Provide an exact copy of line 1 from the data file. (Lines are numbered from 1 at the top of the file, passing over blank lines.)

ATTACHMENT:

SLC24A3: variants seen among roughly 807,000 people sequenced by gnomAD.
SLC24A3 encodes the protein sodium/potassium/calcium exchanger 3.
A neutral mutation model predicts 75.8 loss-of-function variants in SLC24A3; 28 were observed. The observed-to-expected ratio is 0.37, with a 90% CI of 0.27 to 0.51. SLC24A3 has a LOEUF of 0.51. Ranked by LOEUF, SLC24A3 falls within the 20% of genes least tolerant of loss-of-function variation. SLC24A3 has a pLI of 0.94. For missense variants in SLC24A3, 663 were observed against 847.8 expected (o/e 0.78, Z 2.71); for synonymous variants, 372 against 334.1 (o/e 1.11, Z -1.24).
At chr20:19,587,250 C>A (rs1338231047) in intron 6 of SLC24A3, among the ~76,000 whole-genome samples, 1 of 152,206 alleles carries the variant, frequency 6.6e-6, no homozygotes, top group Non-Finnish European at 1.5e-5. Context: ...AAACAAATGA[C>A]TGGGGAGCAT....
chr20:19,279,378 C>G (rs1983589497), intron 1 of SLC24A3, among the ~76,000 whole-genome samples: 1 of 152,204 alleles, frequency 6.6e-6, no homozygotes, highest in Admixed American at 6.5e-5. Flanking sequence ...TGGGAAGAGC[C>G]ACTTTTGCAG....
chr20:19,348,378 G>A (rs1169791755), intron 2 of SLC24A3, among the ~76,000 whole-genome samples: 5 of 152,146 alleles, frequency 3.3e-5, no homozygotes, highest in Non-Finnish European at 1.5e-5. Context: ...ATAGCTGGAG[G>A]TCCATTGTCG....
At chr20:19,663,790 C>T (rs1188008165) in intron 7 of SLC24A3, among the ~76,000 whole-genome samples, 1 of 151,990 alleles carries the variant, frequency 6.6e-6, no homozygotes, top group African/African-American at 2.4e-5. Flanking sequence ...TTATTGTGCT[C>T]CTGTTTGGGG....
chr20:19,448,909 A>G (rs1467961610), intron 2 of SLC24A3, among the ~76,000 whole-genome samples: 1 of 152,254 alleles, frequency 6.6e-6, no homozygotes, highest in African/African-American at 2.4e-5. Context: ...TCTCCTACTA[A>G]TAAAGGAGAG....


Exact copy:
SLC24A3: variants seen among roughly 807,000 people sequenced by gnomAD.